If you are a landlord, you understand how stressful dealing with a bad tenant can be. You might consider selling the rental property and getting out of the landlord business. It is no longer just about you when it comes to selling your home.

Remember that the tenant has rights, and the process may be difficult. The sale of a property with renters in residence is governed by strict laws. Before you proceed, it is critical that you understand what the law says about you and the tenant.

These few pieces of advice on selling a rental property with a bad tenant will get you started.

What Are Your Alternatives?

There are two options to consider when selling a rental property with a bad tenant. You can either wait for the lease to expire or sell while the tenant is still living in the house. Each option has advantages and disadvantages.

Waiting for the Lease to Expire

If you decide to wait until the lease agreement expires:

  • You’ll have plenty of time for updates. You can make cosmetic improvements to the property, clean it thoroughly, and generally spruce it up before selling it. This will help you get a higher selling price.
  • If you’re selling in a hot market, selling while the tenant is still living there may cause you to miss out on reasonable offers. It may be difficult to get the tenant out on time, depending on federal regulations and the lease agreement.

The disadvantage of waiting for the lease to expire is:

  • You will have to deal with the bad tenant for a longer period of time.
  • You will still have mortgage payments to make if you do not sell the property as soon as the tenant vacates. It means dipping into your own pocket to make the payments. Preparing the property for sale, listing it, accepting an offer, and closing the deal all take time.

Selling With the Tenant In

The staging process is more natural in this case. Buyers can imagine themselves living in a furnished house, which can help them make a decision faster. If the tenant takes good care of the house, it will look more appealing to potential buyers.

Selling a rental property while the tenant is still present saves the buyer the hassle of finding a tenant. It becomes your most powerful selling point.

On the negative side, a tenant can make it difficult to sell. When staging, a disgruntled tenant will make things difficult for you. They may be unable to accommodate showings, and their unpredictable nature may have a significant impact on the sale.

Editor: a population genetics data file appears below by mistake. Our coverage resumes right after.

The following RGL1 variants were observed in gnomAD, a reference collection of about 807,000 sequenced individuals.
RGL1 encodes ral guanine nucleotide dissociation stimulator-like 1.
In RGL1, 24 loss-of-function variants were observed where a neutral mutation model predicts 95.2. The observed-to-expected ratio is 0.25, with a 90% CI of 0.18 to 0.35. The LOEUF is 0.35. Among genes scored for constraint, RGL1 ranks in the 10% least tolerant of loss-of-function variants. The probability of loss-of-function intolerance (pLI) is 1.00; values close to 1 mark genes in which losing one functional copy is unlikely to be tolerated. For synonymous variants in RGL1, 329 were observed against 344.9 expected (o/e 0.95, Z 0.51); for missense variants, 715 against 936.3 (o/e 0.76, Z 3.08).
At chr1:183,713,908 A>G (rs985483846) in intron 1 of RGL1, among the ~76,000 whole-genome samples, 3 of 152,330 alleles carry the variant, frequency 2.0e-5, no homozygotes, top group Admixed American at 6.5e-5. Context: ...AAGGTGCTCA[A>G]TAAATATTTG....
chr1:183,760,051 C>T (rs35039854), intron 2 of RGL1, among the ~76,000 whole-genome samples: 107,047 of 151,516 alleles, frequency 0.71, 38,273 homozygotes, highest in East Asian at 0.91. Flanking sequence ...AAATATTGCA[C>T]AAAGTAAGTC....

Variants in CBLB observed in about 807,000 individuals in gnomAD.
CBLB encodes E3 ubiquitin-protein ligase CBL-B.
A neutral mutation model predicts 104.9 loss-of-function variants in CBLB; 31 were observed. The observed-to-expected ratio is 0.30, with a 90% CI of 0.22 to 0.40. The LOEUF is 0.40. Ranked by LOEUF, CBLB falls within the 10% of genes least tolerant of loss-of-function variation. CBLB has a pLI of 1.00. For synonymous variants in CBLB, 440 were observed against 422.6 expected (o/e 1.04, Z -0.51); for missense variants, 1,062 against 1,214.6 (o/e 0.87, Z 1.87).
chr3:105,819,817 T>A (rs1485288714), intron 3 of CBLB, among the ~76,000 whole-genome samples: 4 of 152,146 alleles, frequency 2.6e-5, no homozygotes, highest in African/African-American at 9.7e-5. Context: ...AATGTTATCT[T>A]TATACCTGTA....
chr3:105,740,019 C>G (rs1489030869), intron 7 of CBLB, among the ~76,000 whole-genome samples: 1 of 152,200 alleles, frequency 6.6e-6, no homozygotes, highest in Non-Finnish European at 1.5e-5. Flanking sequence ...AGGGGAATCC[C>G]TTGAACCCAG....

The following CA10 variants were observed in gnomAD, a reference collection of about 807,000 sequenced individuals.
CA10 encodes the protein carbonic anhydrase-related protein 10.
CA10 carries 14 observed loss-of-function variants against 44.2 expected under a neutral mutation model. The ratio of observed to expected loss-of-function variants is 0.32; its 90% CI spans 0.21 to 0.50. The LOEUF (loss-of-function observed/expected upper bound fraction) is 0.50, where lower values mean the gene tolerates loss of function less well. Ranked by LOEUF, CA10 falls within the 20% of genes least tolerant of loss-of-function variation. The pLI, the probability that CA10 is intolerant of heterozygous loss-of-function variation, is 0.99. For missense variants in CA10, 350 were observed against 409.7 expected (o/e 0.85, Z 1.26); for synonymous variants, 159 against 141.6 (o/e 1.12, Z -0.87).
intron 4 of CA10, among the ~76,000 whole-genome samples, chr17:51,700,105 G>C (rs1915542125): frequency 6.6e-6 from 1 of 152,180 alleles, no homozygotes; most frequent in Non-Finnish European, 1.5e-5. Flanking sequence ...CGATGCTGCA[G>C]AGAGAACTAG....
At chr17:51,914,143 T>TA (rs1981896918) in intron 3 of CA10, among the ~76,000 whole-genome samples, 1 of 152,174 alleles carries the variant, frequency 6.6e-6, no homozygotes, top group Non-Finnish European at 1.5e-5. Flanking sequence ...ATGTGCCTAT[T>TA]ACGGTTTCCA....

In such a case, you may be able to persuade your tenant to cooperate. You can best accomplish this by offering them lower rental rates for the remainder of the lease term. You could also offer to cover their moving expenses in exchange for a clean house during the showing.

Tenant’s Legal Rights

You must take the tenant’s rights into consideration. In such a case, your options are limited. As long as they have paid rent, selling a property where someone else lives may require their permission.

It makes no difference what kind of tenant you have. Remember that they have a right to peace and quiet. It simply means that you cannot pressure or harass them into leaving. Any coercion from you could result in a court fine, and the tenant could be granted legal permission to stay.

When the tenant is informed of the impending sale, he or she may decide to vacate your premises. The uncertainty of the terms in the next lease negotiation may cause them to seek alternative housing. You cannot prevent them from leaving if these were the terms of the agreement.

If the tenant breaches the lease agreement, they may face significant penalties. If there was no agreement regarding the lease’s premature termination, this would be the case. Whatever the circumstances, selling a rental property while the tenant is still present can elicit strong emotions.

Keeping communication lines open with the tenant may be the simplest way to sell the property. They will appreciate that their rights were upheld throughout the process.

Final Thoughts on Selling a Rental Property

You have the right to sell your house whenever you want, regardless of the type of tenant you have. You should not be concerned about a bad tenant because you own your home outright. It is critical to exercise caution when dealing with them during the process.

Many landlords decide to sell due to the stress of dealing with a bad tenant. You don’t want to aggravate the situation by being too hard on yourself. Sometimes you have to make a concession and accept a price that is slightly lower than the market value.

You will not only sell quickly, but you will also be able to move on to the next chapter.

You should also seek legal counsel at each stage of selling a rental property. Check that your tenancy facts have been verified and that the lease agreement does not contradict anything you do. Avoid getting involved in an ugly court battle with the tenant.

Greg Bilbro

Greg Bilbro is the CEO and co-founder of Fair Property Buyers. After 20 years as a residential Realtor, Greg founded Fair Property Buyers, a nationwide group of real estate professionals committed to helping homeowners sell their problem properties quickly and easily. Fair Property Buyers helps people across the U.S. sell their homes for a fair cash price, without the hassles. Prior to starting Fair Property Buyers, Greg was a Series 7 and 63 securities and registered investment advisor with New York Life and NYLife Securities, where he was named “Rookie of the Year,” and named the youngest Partner in the U.S. Greg is a native of Texas and holds a Bachelor of Science degree in Biochemistry from the University of New Mexico. He currently hangs his hat in Scottsdale, Arizona with his sidekick Frenchie, “Bity".

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